Spotted Wing Drosophila Trap


Price: £10.00 inc VAT

5 In Stock


A new pest of fruit crops to monitor & trap The spotted wing drosophila (SWD) is a new fruit fly which can affect strawberries, raspberries, blackberries, currants, blueberries, grapes, cherries and plums. Recently arrived in the UK, it is similar in appearance to the normal fruit flies, but differs in that the adult males have a distinctive spot on each wing and the adult female has a saw-like appendage which is used to pierce the skin of developing fruits to lays eggs under the surface. The red eyes are also distinctive. The developing stages of the pest can damage the fruits at the time of ripening, causing the fruit to go mushy and rotten.

Spotted Wing Drosophila (male) The pest is most likely to be found during warm (20oC +) and humid weather conditions. The fly can be difficult to control, it is therefore important to monitor for the adults before they lay their eggs. The ideal way to monitor for their appearance is to use a special trap. Traps and lure are available in the UK from Agralan. Monitoring with these traps should be carried out from April until November. Experience has shown that it is helpful to group two or three traps together. In cherries, plums, currants, blueberries, raspberries, blackberries and other hybrid berries, it is best to put the traps on the shaded side of the row.

Spotted Wing Drosophila trap. In small fruit plots typically found in gardens, the use of several of these traps for precision monitoring positioned around the perimeter of the fruit growing area can help to attract the adults away from the plants and developing fruits, reducing the likelihood of fruit being affected. When checking your traps to see if any SWD have been caught, it is best to pour the liquid contents through a sieve over the kitchen sink. Spray with water using a hand plant mister. Allow the insects trapped in the sieve to dry before shaking them over a white tray or card to examine them. You can then use a hand lens or magnifying glass to inspect the adults, checking for the distinctive black spots on the adult males. (Females require a microscope to be identified).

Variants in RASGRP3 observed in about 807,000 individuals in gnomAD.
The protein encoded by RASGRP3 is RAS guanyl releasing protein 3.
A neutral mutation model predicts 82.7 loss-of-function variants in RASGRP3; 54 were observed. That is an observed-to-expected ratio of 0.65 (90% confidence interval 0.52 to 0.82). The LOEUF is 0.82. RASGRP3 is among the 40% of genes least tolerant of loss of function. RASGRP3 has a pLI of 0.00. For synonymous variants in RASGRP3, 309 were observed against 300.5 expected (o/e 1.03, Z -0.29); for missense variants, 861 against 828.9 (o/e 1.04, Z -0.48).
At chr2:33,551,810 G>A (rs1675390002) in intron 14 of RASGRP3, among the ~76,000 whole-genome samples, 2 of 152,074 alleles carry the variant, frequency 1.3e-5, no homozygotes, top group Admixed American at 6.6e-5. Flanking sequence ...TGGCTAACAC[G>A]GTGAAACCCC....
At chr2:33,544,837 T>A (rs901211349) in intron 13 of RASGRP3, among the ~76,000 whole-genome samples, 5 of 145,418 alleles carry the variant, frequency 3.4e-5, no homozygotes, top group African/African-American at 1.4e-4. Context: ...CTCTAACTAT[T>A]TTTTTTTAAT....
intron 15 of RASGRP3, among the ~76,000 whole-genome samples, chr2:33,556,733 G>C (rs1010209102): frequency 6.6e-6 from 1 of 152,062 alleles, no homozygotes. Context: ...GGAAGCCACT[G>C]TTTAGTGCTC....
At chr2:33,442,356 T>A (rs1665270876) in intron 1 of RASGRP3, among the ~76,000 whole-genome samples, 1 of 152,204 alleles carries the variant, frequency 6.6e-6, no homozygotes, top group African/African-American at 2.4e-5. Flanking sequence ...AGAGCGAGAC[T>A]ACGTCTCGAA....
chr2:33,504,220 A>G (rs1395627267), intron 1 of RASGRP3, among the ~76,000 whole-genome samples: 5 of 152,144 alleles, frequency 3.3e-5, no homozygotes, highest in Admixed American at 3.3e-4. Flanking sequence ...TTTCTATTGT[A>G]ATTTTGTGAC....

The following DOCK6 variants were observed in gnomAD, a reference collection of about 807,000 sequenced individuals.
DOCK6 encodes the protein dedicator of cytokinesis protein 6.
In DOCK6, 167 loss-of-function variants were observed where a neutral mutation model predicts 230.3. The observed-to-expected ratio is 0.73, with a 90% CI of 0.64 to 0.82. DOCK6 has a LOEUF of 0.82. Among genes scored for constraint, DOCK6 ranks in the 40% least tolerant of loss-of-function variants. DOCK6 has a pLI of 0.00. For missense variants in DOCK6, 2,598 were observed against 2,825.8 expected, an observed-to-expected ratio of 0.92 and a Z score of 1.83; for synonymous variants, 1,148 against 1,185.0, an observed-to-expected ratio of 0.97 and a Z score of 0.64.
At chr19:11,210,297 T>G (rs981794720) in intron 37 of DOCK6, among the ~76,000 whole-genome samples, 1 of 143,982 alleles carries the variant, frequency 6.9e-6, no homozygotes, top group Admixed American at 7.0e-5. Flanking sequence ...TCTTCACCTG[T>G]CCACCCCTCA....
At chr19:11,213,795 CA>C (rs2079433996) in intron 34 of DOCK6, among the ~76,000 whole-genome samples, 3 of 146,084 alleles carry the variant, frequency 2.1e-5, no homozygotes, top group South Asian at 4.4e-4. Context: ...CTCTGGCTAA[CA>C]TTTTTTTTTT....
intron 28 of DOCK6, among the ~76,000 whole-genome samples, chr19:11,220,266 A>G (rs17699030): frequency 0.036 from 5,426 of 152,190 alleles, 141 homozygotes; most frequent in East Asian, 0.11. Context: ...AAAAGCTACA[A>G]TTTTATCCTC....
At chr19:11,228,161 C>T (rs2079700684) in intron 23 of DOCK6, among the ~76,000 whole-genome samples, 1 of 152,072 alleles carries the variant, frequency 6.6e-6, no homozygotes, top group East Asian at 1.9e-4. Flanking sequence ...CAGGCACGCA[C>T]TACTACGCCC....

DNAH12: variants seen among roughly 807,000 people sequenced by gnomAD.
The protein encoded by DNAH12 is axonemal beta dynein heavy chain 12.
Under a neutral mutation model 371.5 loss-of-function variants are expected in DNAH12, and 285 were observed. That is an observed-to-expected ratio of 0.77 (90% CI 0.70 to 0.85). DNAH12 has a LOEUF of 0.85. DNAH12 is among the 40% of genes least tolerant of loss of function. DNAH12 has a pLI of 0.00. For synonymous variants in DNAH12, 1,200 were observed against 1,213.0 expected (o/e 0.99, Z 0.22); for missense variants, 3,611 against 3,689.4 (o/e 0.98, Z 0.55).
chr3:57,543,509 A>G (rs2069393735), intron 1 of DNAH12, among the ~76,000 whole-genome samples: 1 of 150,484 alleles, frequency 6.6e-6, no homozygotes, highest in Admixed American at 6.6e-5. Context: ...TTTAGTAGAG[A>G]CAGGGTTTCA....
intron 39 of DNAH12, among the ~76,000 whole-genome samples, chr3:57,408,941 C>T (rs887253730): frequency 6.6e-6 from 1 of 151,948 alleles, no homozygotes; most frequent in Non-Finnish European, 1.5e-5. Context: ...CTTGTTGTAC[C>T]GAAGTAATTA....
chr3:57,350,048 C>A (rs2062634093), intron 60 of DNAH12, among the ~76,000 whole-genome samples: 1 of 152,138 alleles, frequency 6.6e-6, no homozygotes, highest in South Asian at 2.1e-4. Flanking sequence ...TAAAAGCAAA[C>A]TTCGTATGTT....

If SWD adults are found in the traps, you should take steps to stop them from laying eggs in developing fruits. In and around fruit plots, you can exclude SWD from entry to the fruit area by erecting very fine mesh netting (less than 0.98 mm) eg Enviromesh ‘UltraFine’ or Tendamesh from green fruit onwards to protect the fruits from the adults. Alternatively you can use garden care products to control the adults. It is important to note that spraying alone is unlikely to give control. It is much more effective to use a combination of monitoring, exclusion, trapping and spraying. Avoid spraying whilst plants are in flower to protect pollinators, but start from green fruit onwards. A number of products are available from garden centres, see also for further advice.

In addition to taking steps to monitor, exclude by netting and trap the fruit fly, it is very wise to maintain good levels of hygiene in and around your fruit plants to avoid attracting the pest into your garden. Aim to pick fruit when it is ripe and don’t allow old, damaged or diseased fruits to remain on the plants or lie on the ground close to the plants. Remove overripe fruits and all waste and dispose of responsibly.

Do not dispose of fruit on a compost heap as this will attract more spotted wing drosophila into your garden. Kill any larvae first either by putting in sealed plastic bags and leaving in full sun for a few days, or the freezer overnight.

Spotted Wing Drosophila | Spotted Wing Drosophila trap | Spotted Wing Drosophila Attractant |

How It Works

The Larvae of SWD can cause damage to cherries and many soft fruit crops. Use these traps from March onwards to trap adults and reduce egg laying. Trap is re-usable, attractant included.

Price Note

This item is a ‘Standard Parcel’ item - geographical restrictions & conditions apply, see Delivery


Disclaimer: An insect monitoring trap is not guaranteed to prevent infestation of your crop. The trap is not designed for use as an exclusive method of preventing infestation and the benefits to be gained from the use of a trap will depend on various factors including the skill and diligence used in acting on results in the correct timeframe and positioning of the trap or traps. Due to this and the vagaries of nature we cannot accept responsibility for the results obtained from the use of a trap.

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